Aisle View: Ghosts at BAM

Lesley Manville in Ibsen's Ghosts. Photo: Stephanie Berger
Dedicated theatergoers who try to see the best of the best are hereby alerted, during this ridiculously overloaded April, to make a quick detour to Brooklyn. Ibsen's powerful Ghosts is the play; director Richard Eyre provides an altogether gripping production; and Lesley Manville's portrayal as Helene Alving makes for indispensable viewing. Given that this is a brief engagement of only twenty-nine performances at the BAM Harvey Theater, it will necessarily reach a limited audience. Connoisseurs of fine acting will do themselves a favor and be part of that audience.

The excellence begins with Eyre's adaptation, which streamlines the play--it flies by in an intermissionless ninety minutes--and freshens what in starchier translations can seem archaic. This production originated at the Almeida Theatre in Islington in the fall of 2013. It transferred to the Trafalgar Studios in the West End last winter, where it won Olivier Awards for Manville and as Best Revival.

Eyre has contrived with set designer Tim Hatley to stage the play in three spaces: a living room with translucent panels backed by a full dining room, behind which is a porch which in turn looks out on the Norwegian vista. Thus, the downstage players can observe what is happening inside; when Helene overhears Oswald and Regina repeating the seduction of her mother by his father, she--and we--"see" them as translucent ghosts. By the final scene of the play, of course, the ghosts of the past are downstage front and center in all-too-clear view. Eyre--formerly director of the National Theatre, more recently the director of the London/Broadway musical Mary Poppins--also has masterful lighting from Peter Mumford, both in the shadows and in a startlingly stunning orange fantasia of deathbed daybreak.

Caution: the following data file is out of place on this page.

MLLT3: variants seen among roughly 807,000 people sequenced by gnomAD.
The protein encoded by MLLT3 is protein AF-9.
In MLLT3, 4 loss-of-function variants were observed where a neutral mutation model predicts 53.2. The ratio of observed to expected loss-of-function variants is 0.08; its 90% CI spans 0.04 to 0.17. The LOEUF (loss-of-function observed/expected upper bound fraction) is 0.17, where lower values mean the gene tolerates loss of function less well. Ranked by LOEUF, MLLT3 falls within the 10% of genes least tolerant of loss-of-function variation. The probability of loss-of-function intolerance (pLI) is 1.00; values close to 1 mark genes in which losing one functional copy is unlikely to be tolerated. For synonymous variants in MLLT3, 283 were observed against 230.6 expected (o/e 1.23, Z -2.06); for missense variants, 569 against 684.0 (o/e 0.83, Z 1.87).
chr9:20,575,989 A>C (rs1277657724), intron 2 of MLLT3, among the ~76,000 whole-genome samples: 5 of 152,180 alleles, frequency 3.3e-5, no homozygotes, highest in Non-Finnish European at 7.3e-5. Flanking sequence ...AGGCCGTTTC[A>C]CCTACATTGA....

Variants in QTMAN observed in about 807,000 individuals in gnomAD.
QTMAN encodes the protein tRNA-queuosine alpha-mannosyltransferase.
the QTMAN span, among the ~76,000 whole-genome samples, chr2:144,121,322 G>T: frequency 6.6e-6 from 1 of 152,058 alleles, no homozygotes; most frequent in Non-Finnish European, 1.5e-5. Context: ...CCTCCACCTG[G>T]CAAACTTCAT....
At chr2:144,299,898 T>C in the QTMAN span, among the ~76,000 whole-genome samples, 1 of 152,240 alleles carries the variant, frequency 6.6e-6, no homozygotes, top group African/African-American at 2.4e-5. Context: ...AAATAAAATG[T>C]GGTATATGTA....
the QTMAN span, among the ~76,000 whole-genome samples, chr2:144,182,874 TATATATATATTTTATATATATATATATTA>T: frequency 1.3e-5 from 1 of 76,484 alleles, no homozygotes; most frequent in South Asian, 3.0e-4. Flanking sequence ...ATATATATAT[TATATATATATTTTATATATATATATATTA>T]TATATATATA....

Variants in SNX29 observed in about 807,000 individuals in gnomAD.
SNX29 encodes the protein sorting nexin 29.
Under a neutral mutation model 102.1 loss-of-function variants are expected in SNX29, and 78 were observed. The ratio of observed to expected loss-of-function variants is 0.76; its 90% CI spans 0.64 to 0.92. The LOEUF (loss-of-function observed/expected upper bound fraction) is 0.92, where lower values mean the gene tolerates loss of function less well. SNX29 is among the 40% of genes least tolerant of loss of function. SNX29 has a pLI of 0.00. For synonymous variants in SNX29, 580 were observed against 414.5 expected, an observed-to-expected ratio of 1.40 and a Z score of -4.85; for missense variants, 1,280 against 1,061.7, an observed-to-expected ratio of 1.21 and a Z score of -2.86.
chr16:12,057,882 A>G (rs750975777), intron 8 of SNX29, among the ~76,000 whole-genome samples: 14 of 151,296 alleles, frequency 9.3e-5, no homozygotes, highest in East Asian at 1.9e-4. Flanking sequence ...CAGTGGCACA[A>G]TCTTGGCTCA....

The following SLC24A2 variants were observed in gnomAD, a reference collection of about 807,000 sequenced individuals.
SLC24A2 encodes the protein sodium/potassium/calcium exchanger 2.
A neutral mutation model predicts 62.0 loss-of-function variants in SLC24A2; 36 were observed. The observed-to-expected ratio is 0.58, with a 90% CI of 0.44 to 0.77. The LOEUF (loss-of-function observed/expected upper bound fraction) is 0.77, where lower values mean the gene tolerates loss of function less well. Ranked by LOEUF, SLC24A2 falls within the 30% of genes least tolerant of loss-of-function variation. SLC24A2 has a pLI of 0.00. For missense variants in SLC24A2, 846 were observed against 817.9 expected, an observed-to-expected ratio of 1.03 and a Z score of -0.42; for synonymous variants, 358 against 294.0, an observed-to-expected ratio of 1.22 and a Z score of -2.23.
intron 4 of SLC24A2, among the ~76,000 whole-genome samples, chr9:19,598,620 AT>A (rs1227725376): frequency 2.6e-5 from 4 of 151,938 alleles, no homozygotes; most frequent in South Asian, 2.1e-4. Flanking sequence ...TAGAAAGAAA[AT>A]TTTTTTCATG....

Manville is best known for her screen career, notably eight films with writer/director Mike Leigh (including the role of Kitty Gilbert in his 1999 Gilbert & Sullivan film, "Topsy-Turvy"). The actress began on stage with the Royal Court and the RSC; her only prior New York appearance was in the original cast of Caryl Churchill's Top Girls at Joseph Papp's Public Theater in 1982.

The star is well supported. Will Keen is highly effective as the moralizing but ultimately morally-weak Pastor Manders (even if he does look disconcertingly like David Hyde Pierce). Brian McCardie is suitably blustery as the hired man, Jacob. Charlene McKenna, the only actor other than Manville who appeared in both the Almeida and West End productions, does even better as Regina. She patiently dishes up exposition as the ornamental housemaid, but then--once her parentage is revealed--stands up to, and forcefully combats, Helene.
Billy Howle and Lesley Manville in Ibsen's Ghosts. Photo: Stephanie Berger
The one newcomer to the cast is Billy Howle, as Oswald. His elite-artist sophistication makes way to fear, desperation and finally outright horror; the closing scene between him and his mother is terrible, in the best sense of the world. Howle's syphilitic attack and Manville's frozen terror as she contemplates the vial of morphine is likely to stay with you.

Adaptor/director Eyre and his supporting players make this a production to be reckoned with, but it is Manville who puts this Ghosts on its own rarefied plateau. Broadway audiences have this season seen sterling performances from Carey Mulligan (in Skylight), Ruth Wilson (in Constellations) and Helen Mirren (in The Audience). No need for comparisons, but Lesley Manville in Ghosts is simply not to be missed.
Ibsen's Ghosts, adapted and directed by Richard Eyre, opened April 12, 2015 and continues through May 3 at BAM Harvey Theater